Bad Breath? Ask Yourself These 4 Questions to Learn Why
On the surface, bad breath might seem like nothing more than a small personal issue. It could embarrass you, but nothing worse. However, bad breath, or halitosis, can actually be a serious medical issue. Keep reading to find out what your bad breath might stem from and, once you and your dentist or doctor have determined the cause, how you can treat it.
1. Do You Smoke?
Smoking has a series of negative side effects, from aging skin to emphysema and even lung cancer. But one of the more minor side effects is having consistently bad breath. You can chew gum to cover the smell, but your bad breath will persist for as long as you smoke.
Smoking has other side effects on your teeth and oral health. Smoking can yellow your teeth, exacerbate oral lesions and lead to tooth rot and loss. Quitting smoking as soon as possible will pay off in positive medical benefits your whole life long, so talk to your doctor to get help quitting today.
2. Do You Have Dry Mouth?
Like bad breath, waking up with a dry mouth might seem like nothing more than a minor inconvenience. But saliva serves several purposes, from helping you break down food as soon as you start chewing it to helping remove bacteria from your teeth to reduce your risk of cavities. If you have a consistently dry mouth, you're at a greater risk of developing bad breath and cavities.
Several different issues could cause dry mouth, including smoking, drinking alcohol or experiencing consistent stress and anxiety. Some medications also list dry mouth as a side effect. If you've noticed a consistently dry mouth, speak to your dentist about it immediately. They might recommend that you talk to a doctor about switching medications or work with a therapist to manage your stress.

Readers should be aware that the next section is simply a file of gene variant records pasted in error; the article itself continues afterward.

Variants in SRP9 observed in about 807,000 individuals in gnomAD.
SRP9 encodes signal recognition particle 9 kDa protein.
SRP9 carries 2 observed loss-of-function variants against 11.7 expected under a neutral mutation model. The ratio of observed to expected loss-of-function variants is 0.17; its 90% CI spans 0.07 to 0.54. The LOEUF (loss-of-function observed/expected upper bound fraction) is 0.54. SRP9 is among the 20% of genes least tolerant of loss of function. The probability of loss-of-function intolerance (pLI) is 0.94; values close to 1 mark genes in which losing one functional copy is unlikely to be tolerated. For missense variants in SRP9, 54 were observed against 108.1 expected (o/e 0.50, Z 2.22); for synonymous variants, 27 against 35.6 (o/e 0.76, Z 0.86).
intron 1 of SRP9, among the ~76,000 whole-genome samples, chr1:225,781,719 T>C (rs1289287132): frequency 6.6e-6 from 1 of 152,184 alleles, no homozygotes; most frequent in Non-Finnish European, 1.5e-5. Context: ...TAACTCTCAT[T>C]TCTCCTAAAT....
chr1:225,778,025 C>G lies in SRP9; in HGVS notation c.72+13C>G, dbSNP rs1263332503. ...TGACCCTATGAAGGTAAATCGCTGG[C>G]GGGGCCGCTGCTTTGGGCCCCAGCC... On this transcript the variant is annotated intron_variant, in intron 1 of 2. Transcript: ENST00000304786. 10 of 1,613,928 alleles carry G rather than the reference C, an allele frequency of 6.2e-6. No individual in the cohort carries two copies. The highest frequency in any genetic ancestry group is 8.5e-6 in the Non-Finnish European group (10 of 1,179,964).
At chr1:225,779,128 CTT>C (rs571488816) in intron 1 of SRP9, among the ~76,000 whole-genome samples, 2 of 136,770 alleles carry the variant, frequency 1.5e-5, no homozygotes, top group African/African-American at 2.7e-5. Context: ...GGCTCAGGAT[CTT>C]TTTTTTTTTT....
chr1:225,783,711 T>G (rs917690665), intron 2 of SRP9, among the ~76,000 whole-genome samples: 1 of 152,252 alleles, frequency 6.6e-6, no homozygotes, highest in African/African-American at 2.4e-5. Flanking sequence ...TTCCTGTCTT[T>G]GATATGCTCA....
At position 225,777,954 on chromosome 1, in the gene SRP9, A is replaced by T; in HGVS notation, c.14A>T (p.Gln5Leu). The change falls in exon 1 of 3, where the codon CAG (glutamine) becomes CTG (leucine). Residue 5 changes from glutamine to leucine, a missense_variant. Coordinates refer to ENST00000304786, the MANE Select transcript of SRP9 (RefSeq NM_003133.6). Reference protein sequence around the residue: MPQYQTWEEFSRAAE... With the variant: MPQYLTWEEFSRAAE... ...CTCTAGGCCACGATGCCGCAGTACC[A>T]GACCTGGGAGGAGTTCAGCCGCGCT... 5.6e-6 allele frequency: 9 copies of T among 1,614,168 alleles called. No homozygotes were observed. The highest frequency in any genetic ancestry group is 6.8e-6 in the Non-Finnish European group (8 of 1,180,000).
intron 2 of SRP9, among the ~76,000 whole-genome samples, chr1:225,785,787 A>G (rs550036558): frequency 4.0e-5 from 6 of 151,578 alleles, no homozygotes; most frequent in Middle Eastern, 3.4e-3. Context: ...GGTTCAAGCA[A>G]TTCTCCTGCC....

3. Do You Brush and Floss Your Teeth Every Day?
A build-up of bacteria and resulting tooth decay can cause more than tooth pain — they may also cause bad breath. Gingivitis, or gum disease, is also caused by bacteria and can have the same side effect.
Brushing and flossing your teeth daily along with visiting your dentist every six months can help you avoid plaque build-up, cavities and gum disease. If you haven't visited a dentist in a while and you aren't consistent about practicing good oral health, schedule a dental appointment. Your dentist can treat cavities or gingivitis in the office and make recommendations about ways to improve your dental health.
4. Could You Have an Underlying Medical Condition?
If you've eliminated all of the above options, your halitosis could stem from a more serious issue. In some cases, issues like kidney failure and certain types of cancer can have side effects like bad breath. Acid-reflux disease is much less dangerous than the above diseases, but it can damage your oesophagus, hurt your stomach and cause bad breath in the meantime.
Only a very small amount of halitosis sufferers have an undiagnosed medical condition causing the issue. Still, it's better to be safe than sorry — if your dentist is at a loss for why you have bad breath, you might want to schedule an appointment with a doctor for a check-up.
Do you think one of the above issues is causing your bad breath? Visit your dentist today to get a conclusive diagnosis and work on eliminating your bad breath today.
If you live in the Melbourne area, Carlton Dental is here for you. If you have bad breath or any other dental issues, get in touch with us today for better oral health.